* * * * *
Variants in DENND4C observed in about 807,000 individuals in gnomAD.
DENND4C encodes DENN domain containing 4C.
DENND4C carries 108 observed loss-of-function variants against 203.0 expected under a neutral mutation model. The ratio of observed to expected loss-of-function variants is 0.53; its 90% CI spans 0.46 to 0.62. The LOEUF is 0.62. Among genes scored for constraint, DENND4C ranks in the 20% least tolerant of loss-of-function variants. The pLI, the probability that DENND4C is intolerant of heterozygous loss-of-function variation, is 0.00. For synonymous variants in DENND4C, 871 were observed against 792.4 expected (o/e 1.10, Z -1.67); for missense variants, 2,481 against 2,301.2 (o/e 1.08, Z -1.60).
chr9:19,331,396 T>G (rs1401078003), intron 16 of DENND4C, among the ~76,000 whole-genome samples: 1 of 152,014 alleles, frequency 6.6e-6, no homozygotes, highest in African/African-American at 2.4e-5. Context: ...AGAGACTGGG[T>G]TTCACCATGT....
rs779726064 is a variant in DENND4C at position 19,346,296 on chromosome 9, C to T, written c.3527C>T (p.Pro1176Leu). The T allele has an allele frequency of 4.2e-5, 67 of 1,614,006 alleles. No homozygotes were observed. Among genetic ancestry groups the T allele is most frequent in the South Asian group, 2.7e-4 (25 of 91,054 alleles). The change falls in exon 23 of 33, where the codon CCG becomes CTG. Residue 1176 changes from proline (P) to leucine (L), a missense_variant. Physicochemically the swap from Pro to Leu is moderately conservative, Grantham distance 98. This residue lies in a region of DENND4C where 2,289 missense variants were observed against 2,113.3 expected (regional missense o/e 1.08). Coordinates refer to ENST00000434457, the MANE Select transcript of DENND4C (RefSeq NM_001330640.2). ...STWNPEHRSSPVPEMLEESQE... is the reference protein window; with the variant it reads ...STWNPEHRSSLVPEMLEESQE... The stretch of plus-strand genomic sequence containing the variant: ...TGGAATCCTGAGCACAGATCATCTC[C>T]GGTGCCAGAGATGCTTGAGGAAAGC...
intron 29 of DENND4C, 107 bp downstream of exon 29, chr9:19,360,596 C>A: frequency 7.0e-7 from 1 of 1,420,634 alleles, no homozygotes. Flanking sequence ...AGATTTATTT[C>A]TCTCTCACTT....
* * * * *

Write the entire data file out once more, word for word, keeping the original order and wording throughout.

Variants in DENND4C observed in about 807,000 individuals in gnomAD.
DENND4C encodes DENN domain containing 4C.
DENND4C carries 108 observed loss-of-function variants against 203.0 expected under a neutral mutation model. The ratio of observed to expected loss-of-function variants is 0.53; its 90% CI spans 0.46 to 0.62. The LOEUF is 0.62. Among genes scored for constraint, DENND4C ranks in the 20% least tolerant of loss-of-function variants. The pLI, the probability that DENND4C is intolerant of heterozygous loss-of-function variation, is 0.00. For synonymous variants in DENND4C, 871 were observed against 792.4 expected (o/e 1.10, Z -1.67); for missense variants, 2,481 against 2,301.2 (o/e 1.08, Z -1.60).
chr9:19,331,396 T>G (rs1401078003), intron 16 of DENND4C, among the ~76,000 whole-genome samples: 1 of 152,014 alleles, frequency 6.6e-6, no homozygotes, highest in African/African-American at 2.4e-5. Context: ...AGAGACTGGG[T>G]TTCACCATGT....
rs779726064 is a variant in DENND4C at position 19,346,296 on chromosome 9, C to T, written c.3527C>T (p.Pro1176Leu). The T allele has an allele frequency of 4.2e-5, 67 of 1,614,006 alleles. No homozygotes were observed. Among genetic ancestry groups the T allele is most frequent in the South Asian group, 2.7e-4 (25 of 91,054 alleles). The change falls in exon 23 of 33, where the codon CCG becomes CTG. Residue 1176 changes from proline (P) to leucine (L), a missense_variant. Physicochemically the swap from Pro to Leu is moderately conservative, Grantham distance 98. This residue lies in a region of DENND4C where 2,289 missense variants were observed against 2,113.3 expected (regional missense o/e 1.08). Coordinates refer to ENST00000434457, the MANE Select transcript of DENND4C (RefSeq NM_001330640.2). ...STWNPEHRSSPVPEMLEESQE... is the reference protein window; with the variant it reads ...STWNPEHRSSLVPEMLEESQE... The stretch of plus-strand genomic sequence containing the variant: ...TGGAATCCTGAGCACAGATCATCTC[C>T]GGTGCCAGAGATGCTTGAGGAAAGC...
intron 29 of DENND4C, 107 bp downstream of exon 29, chr9:19,360,596 C>A: frequency 7.0e-7 from 1 of 1,420,634 alleles, no homozygotes. Flanking sequence ...AGATTTATTT[C>A]TCTCTCACTT....